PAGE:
We don’t know many things about the future, but we can predict it will be different than the present. Those who went through the recession ten years ago and may be struggling now should find solace in knowing the situation will eventually improve. Meanwhile, some people who felt business couldn’t be better in 2006 may have been upended just a few years later. The key is never to get complacent and fail to think about the future.
Business owners should be prepared for what is coming next, even if they don’t know what that will be. To a certain extent, they need to be worried about it so they do not become comfortable where they are. Like a good chess player, they should anticipate a move a step or two ahead of time. It is important to have a contingency plan and be flexible in how to respond.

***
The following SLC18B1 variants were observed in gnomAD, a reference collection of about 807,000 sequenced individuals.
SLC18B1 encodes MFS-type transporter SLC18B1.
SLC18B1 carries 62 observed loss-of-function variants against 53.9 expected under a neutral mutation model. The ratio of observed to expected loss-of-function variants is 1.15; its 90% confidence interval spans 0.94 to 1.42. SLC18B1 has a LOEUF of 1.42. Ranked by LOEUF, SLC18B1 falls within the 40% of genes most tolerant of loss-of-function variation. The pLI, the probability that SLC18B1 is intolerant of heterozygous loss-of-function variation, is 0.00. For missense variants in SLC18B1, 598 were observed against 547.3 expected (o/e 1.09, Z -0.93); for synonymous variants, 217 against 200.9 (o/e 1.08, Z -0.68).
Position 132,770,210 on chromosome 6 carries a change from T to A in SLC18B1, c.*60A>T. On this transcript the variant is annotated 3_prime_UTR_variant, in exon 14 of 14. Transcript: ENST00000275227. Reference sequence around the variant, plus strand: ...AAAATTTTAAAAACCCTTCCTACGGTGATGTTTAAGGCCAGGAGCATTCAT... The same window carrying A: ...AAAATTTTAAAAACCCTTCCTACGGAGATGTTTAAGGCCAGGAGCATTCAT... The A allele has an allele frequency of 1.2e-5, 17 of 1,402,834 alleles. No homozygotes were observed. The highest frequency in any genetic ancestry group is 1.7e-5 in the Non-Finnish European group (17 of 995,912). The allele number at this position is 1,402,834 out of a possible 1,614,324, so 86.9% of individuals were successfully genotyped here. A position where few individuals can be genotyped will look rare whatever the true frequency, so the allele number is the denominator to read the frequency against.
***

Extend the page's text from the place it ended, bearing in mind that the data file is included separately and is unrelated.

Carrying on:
A great example of how to anticipate and react to change can be seen in the book Who Moved My Cheese by Spencer Johnson. The story follows the journey of four characters in search of their favorite food in a twisted maze. It is a metaphor about the ongoing search for what we want in life and the many changes we will face along the way. The main message is that change is inevitable and that we must learn to accept it, adapt to it and embrace it.
5. Seize the opportunity.
During difficult times, whether it was a decade ago or in the present day, I have seen people panic and think the sky is falling. This is often the mindset of the weaker players, and they ultimately don’t survive.